Monday, 3 February 2014

"Envy" by Bertrand Russell

A summary of the essay "Envy," from the book The Conquest of Happiness by Betrand Russell.
Most words have been taken directly from the essay.
If you have never come across the essay, you should read it yourself.
It's very entertaining, especially the part about peacocks!

Introduction of the most potent causes of unhappiness is envy. one of the most universal and deep-seated of human passions.
The emotion is just as prevalent among adults as among children.  

Envy is the basis of democracy.

Envy and the Society
Envy is...closely connected with competition. We do not envy a good fortune which we conceive as quite hopelessly out of our reach.
In an age when the social hierarchy is fixed, the lowest classes do not envy the upper classes so long as the division between rich and poor is thought to be ordained by God.

The instability of social status in the modern world, and the equalitarian doctrine of democracy and socialism, have greatly extended the range of envy.

The harmful effects of Envy
Of all the characteristics of ordinary human nature envy is the most unfortunate; not only does the envious person wish to inflict misfortune and do so whenever he can with impunity, but he is also himself rendered unhappy by envy.
Instead of deriving pleasure from what he has, he derives pain from what others have.

The Cure for Envy
  • Don't compare yourself with others
The habit of thinking in terms of comparisons is a fatal one. When anything pleasant occurs it should be enjoyed to the full, without stopping to think that it is not so pleasant as something else that may possibly be happening to someone else.

With the wise man, what he has does not case to be enjoyable because someone else has something else.
Envy, in fact, is one form of vice, partly moral, partly intellectual, which consists in seeing things never in themselves, but only in their relations.

You cannot...get away from envy by means of success alone, for there will always be in history or legend some person even more successful than you are.
You can get away from envy by enjoying the work that you have to do, and by avoiding comparisons with those whom you imagine, perhaps quite falsely, to be more fortunate than yourself.

  • Don't be too modest
Modest people believe themselves to be outshone by those with whom they habitually associate.
They are therefore particularly prone to envy, and, through envy, to unhappiness and ill will.
For my part, I think there is much to be said for bringing up a boy to think himself a fine fellow.

  • Reduce Fatigue
  • Secure a life which is satisfying to instinct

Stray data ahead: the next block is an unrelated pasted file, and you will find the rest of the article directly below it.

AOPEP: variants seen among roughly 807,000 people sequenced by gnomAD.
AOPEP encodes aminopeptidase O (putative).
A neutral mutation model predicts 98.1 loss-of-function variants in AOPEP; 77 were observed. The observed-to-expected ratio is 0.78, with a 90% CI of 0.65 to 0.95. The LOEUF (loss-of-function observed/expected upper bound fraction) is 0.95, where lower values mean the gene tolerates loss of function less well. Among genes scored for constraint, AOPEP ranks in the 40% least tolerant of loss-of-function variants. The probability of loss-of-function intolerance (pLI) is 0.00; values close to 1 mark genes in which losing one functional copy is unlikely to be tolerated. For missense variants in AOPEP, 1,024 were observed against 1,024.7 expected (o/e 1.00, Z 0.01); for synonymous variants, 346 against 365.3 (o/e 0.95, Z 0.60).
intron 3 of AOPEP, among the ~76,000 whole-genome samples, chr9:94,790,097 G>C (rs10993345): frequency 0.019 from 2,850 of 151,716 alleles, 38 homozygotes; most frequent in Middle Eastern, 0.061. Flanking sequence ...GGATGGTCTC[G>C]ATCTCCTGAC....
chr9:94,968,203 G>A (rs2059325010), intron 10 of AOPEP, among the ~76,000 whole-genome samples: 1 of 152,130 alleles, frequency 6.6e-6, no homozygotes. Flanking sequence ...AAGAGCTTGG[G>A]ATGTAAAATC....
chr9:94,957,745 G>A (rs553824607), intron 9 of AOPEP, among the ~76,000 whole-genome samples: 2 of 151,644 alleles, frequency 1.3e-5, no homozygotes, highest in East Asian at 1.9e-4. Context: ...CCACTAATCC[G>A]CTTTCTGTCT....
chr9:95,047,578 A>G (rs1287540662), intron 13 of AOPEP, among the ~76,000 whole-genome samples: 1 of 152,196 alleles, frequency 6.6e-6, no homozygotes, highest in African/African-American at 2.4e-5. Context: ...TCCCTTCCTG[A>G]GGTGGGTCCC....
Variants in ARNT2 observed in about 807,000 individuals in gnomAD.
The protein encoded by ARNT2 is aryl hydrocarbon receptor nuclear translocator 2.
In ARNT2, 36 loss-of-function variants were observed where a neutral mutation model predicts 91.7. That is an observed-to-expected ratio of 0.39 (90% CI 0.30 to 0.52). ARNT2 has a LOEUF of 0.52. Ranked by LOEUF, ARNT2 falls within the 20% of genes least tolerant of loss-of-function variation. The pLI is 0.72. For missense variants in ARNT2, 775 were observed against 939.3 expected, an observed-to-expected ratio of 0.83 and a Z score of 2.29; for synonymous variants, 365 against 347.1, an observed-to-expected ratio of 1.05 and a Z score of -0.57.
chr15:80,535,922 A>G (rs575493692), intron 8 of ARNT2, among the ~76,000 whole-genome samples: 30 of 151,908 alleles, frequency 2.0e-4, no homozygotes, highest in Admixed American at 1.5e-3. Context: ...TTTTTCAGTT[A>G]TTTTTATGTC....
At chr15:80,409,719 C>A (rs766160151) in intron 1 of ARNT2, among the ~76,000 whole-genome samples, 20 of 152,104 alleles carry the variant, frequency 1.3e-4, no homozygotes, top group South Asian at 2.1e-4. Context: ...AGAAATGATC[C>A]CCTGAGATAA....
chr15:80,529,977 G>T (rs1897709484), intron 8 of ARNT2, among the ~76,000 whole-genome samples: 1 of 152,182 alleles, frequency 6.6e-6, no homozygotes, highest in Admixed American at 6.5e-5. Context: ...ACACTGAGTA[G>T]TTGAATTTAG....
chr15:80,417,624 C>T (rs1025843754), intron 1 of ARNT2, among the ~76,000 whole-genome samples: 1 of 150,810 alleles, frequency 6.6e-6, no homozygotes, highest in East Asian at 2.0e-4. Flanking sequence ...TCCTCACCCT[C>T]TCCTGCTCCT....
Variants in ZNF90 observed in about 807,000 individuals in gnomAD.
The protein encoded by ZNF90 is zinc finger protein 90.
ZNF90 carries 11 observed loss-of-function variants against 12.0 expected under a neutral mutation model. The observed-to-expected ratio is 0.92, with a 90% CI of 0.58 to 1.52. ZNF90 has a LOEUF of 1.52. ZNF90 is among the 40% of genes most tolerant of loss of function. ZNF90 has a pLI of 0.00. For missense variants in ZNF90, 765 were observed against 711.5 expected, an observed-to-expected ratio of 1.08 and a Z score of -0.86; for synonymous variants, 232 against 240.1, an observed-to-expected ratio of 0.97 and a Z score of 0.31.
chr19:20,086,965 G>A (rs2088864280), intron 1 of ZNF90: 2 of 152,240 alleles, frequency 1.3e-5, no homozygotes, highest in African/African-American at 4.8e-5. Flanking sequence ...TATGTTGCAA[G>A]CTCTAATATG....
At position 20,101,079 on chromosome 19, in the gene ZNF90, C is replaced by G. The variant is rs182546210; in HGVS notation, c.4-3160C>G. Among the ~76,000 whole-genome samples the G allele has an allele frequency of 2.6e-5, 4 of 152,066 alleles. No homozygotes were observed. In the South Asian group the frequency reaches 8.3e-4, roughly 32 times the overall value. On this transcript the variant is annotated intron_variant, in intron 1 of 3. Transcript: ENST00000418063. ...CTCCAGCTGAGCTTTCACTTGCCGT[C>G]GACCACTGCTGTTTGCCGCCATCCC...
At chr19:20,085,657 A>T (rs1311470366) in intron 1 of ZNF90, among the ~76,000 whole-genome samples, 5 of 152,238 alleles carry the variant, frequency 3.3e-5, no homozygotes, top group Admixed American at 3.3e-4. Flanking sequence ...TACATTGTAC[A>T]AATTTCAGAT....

Much envy that seems purely professional really has a sexual source. A man who is happy in his marriage and his children is not likely to feel much envy of other men because of their greater wealth or success...

The essentials of human happiness are simple, so simple that sophisticated people cannot abring themselves to admit what it is they really lack.

If there is to be less envy, means must be found for remedying this state of affiars, and if no such means are found our civilisation is in danger of going down to destruction in an orgy of hatred.

 ...the human heart as modern civilisation has made it is prone to hatred than to friendship. And it is prone to hatred because it is dissatisfied, because it feels deeply, perhaps even unconsciously, that it has somehow missed the meaning of life, that perhaps others, but not we ourselves, have secured the good things which nature offers man's enjoyment.
The positive sum of pleasures in a modern man's life is undoubtedly greater than was to be found in more primitive communities, but the consciousness of what might be has increased even more.

 〔Civilised man〕 knows there is something better than himself almost within his grasp, yet he does not know where to seek it or how to find it.
In despair he rages against his fellow man, who is equally lost and equally unhappy.

Envy...evil as it is, and terrible as are its effects, is not wholly of the devil. It is in part the expression of an heroic pain, the pain of those who walk through the night blindly, perhaps to a better resting-place, perhaps only to death and destruction.

To find the right road out of this despair civilised man must enlarge his heart as he has enlarged his mind. He must learn to transcend self, and in so doing to acquire the freedom of the Universe.


  1. Very unsettling and very true. I feel much of my anxiety could be fought back by a greater understanding of the book you have presented. I try to cast away envy, but as a child grown older, I still have the nature of wanting to have everything to myself. The urge tugging at the back of my mind as a passive thought.

    On the other side of this, I feel that my current course of not caring what others have or about most outside stimulus is making me become cold to the world. "Why does it matter." or "Who cares." this is not a good solution for the problem. I need to seek tranquility in a satisfying middle ground.

    Thank you for sharing, I feel that I will be able to improve myself by looking into this further!



    1. You're being too harsh on yourself, CRRobbins.

      I feel that we all become indifferent to others when we are tired, sad, and have some inner struggles that we have to face. We just need to preserve energy to heal ourselves.

      I am sometimes cold to others, so I can understand what you mean.

      Please be kinder to yourself.

  2. Fantastic book, has helped me much and will continue to do so
    Good summary here